The importance of leaving once in awhile is to remind me that I am not the creator of all of this. I am just a trusted steward. The animals do live without me. The fences stand up just as they did when I left. The fog was here to greet us. I used to think that if I focused hard enough while sitting in the plane as it took off - repeating over and over in my head and heart - "Please get us all their safely, please bring me home safely, all these people on this plane have friends, family, pets that need them - please get the plane off the ground" - I used to believe I actually mattered to the plane getting up off the ground. This may sound ridiculous and egotistical, but it was also a burden. Perhaps another beauty of leaving the over self absorbed younger adult years, is to understand one doesn't hold the power to get the plane off the ground, but when one arrives at the destination safely, one has the power to relish it, cherish it as a gift - then take that gift and do something powerful with it.

And so I returned home, full of that gift. And while the animals all survived just fine without me, there was a difference to their step as I greeted them for morning feedings. The donkeys walked closer to the gate to greet me rather than standing back at their barn door. Frankie waddled all the way in a mist to greet me even though she hates rain. I am convinced they missed me. But more important, the gift of travel allowed me to acknowledge how welcome their faces were for me, and my day.

Our farm sitter had cut fresh eucalyptus branches for our house, and had the fire going. This morning I was greeted with our first green egg from one of our young hens - her first, and our first green egg. I praised her profusely.

Sunday, November 18, 2007

Small givings noticed or not



I have been working on improving the Donkey Dream blog. Please subscribe to it's feed if you are interested, as I will be adding more ideas through the holiday, and making plans for next summer's Pino Pie Days at the farm. And visit the store site for new things in the Donkey Art section.

I have one idea of making a rag doll and donating them to children's wards or elder care places. I also am interested in getting a group of international artist/ sewers who would each donate one or two handmade dolls - farm theme related - and then I could have a special Pino Giving Day. It's too late to do it for the holiday, but I'm a firm believer that the holiday is every day [in fact, I confess, I get a little cranky about Christmas at Halloween, and now adults have taken over Halloween - oh, don't get me going]...

Anyway, I was thinking about how I can get more people involved in the Donkey Dream blog, and get people to share their pie giving experiences. And then I realized, it is not important that people write me their experiences. What's important is that I go out and effect one person at a time, in my own way. By delivering a pie, or writing my stories, or helping one old person on my own. I do like sharing what I do, I like that about keeping a blog - it is a document for me. It is why I started my farm blog to begin with - so I would look back and enjoy the memories, see where we came from, how much we've done and learned.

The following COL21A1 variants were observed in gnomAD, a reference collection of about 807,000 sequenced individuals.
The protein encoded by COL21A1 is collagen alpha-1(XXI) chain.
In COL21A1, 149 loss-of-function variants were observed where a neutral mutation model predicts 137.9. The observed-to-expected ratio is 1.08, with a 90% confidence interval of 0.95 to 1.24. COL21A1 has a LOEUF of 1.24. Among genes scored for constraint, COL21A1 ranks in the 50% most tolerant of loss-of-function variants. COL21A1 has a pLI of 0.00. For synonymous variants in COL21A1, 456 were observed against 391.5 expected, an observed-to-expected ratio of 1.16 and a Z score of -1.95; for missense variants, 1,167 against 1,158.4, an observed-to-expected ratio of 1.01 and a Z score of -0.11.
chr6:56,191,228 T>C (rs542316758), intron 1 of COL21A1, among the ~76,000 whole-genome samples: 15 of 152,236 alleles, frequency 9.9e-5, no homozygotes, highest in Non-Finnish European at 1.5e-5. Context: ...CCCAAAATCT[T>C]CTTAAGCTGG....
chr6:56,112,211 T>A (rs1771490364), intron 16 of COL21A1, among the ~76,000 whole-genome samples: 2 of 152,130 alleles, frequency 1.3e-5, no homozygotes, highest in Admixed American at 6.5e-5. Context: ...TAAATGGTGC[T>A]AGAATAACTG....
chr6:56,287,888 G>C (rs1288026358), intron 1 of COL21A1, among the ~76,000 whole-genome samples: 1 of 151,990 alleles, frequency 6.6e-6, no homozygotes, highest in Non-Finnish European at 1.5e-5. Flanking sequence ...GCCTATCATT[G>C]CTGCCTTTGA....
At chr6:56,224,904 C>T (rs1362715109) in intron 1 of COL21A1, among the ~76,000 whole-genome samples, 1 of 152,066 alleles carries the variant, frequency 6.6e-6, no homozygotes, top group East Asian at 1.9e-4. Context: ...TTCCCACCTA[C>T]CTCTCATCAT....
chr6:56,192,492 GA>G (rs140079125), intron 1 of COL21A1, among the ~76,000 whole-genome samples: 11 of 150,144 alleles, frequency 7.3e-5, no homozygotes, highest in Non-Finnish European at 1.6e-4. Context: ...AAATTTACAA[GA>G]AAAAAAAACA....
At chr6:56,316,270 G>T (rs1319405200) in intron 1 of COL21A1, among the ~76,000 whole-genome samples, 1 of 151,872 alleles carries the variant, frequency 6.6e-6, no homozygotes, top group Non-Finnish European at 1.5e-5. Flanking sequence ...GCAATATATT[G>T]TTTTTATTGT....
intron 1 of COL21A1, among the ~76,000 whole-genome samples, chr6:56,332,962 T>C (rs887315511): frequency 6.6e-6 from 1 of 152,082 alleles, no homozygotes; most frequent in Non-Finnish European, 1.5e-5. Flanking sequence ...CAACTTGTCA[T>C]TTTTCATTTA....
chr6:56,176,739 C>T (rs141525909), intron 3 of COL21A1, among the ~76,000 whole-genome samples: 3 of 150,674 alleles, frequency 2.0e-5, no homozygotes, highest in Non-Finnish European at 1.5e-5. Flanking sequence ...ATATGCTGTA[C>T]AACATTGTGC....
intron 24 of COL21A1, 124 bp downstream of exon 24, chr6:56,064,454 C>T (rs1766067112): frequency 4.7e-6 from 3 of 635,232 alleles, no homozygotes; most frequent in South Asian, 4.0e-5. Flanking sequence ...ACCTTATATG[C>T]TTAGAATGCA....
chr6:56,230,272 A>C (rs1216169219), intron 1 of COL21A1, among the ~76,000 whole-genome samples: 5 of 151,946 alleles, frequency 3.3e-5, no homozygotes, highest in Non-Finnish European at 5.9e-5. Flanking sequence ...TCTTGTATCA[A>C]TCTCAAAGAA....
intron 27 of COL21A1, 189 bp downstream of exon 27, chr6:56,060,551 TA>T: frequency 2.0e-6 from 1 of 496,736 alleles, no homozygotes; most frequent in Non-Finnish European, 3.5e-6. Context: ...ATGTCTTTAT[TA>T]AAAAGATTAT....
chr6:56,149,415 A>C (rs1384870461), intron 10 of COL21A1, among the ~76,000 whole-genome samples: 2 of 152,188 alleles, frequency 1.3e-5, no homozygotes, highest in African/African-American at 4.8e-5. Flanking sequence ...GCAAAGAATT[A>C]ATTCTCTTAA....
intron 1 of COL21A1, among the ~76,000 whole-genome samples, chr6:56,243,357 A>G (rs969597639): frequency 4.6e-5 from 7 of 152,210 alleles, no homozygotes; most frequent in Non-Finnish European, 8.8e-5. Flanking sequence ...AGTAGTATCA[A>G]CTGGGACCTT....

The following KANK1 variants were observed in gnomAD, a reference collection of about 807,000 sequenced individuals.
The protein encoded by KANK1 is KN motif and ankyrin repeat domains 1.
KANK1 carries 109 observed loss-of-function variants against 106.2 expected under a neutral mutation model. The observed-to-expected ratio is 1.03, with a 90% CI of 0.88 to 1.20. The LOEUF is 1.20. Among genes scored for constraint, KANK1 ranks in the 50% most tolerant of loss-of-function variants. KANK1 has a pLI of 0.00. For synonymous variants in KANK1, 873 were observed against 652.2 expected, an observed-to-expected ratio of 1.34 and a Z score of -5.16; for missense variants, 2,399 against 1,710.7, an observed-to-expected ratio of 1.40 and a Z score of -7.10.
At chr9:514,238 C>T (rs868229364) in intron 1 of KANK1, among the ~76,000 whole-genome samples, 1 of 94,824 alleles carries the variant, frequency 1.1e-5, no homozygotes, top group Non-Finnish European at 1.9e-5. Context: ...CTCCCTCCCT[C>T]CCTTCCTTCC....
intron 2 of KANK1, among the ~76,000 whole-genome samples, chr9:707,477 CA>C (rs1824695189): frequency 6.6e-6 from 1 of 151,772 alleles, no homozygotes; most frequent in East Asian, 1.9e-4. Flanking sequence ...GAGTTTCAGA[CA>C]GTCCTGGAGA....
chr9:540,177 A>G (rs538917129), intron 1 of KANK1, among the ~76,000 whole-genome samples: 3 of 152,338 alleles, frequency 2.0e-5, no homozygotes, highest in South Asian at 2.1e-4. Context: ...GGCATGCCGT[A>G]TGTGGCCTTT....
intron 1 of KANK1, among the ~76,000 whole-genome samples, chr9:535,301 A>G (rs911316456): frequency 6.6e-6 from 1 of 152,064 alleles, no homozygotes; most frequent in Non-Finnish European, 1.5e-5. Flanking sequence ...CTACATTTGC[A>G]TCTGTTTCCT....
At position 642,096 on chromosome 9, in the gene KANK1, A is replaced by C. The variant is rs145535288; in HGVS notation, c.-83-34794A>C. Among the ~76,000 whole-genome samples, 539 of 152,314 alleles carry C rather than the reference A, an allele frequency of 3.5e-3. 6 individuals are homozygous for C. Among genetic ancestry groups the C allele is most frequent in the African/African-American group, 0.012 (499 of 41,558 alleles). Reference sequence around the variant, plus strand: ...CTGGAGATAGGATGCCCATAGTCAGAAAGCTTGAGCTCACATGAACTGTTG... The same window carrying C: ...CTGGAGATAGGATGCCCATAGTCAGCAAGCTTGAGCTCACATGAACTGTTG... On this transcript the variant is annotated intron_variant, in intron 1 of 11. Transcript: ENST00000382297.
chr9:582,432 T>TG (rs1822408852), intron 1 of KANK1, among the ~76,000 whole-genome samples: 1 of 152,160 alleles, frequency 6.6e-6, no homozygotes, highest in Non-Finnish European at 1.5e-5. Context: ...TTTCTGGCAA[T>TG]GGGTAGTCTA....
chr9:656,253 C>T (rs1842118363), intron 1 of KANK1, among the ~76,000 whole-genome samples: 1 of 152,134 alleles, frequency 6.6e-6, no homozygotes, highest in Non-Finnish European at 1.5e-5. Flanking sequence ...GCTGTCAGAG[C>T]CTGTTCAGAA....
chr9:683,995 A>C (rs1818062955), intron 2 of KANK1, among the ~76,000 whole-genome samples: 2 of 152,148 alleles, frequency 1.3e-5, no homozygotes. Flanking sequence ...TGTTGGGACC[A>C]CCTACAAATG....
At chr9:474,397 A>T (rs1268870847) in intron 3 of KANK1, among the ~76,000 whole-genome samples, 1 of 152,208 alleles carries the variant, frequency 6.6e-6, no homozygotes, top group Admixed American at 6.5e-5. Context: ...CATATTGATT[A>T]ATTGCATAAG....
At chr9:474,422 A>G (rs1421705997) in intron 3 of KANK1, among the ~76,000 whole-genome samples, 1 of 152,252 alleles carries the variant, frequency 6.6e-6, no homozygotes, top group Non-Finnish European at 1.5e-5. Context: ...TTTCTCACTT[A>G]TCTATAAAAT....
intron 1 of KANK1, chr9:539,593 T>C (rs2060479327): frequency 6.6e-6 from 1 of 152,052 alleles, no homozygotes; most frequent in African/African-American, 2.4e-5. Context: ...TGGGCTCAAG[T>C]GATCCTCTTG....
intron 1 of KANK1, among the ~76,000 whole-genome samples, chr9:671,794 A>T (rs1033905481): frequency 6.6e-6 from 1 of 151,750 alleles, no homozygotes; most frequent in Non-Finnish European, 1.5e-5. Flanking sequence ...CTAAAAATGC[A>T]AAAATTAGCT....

I was reading a passage from an inspirational book on care giving by Maggie Davis , and a quote by Mother Theresa hit home. "I never take care of crowds, only of a person. If I stopped to look at crowds, I would never begin."

I guess that is how I feel about Pino's Pies. One pie at a time, a person is touched. I'm sure there are others doing one small thing at a time, quitely, without drawing attention to it in a blog. Once, about 15 years ago, my then boyfriend broke up with me, I was so down, immobilized by it. I was not a church goer, but took myself to hear the choir and be with people. I was looking for anything, something, to bring me comfort. I was getting over a cold, and had a coughing fit during the service. I tried so hard not to cough, and finally decided I must leave, so as not to disturb people. As I started to get up from the pew, the very elderly woman, sitting alone next to me, reached out and touched by hand. She had a throat lozenger for me, and I sat back down. I can not tell you how that tiny offering was so meaningful. I'm sure she had no idea. But it was 15 years ago, and I remember her kindness like it was yesterday.

That is what Thanksgiving is to me. Small givings, daily. You never know when you are that old woman handing out a throat lozenger.

Saturday, November 17, 2007

Good Bye, Little Birtie



Birtie the chinchilla, was the smallest member of Apifera Farm, and we said goodbye to her today. She died as unexpectedly as she had arrived last winter. A neighbor had rescued her from a household of neglectful college students, and she figured I would take her in. Actually, she drove up the drive and put the cage at the doorstep - by the time I got the door open she was in her car, telling me I had to help this poor animal. I had recently buried Tucker, the other chinchilla I took in back in Minneapolis, and I was not looking to take on any more rodents.

The little creature came with no name, so I called her Filbert, or Birtie. She was very timid, and it took time to tender her up. I am not really an advocate of having pet rodents, especially a lone one, but they are sweet little creatures. I decided she had been through enough, so I kept her. Rodent or not, she needed a stable home.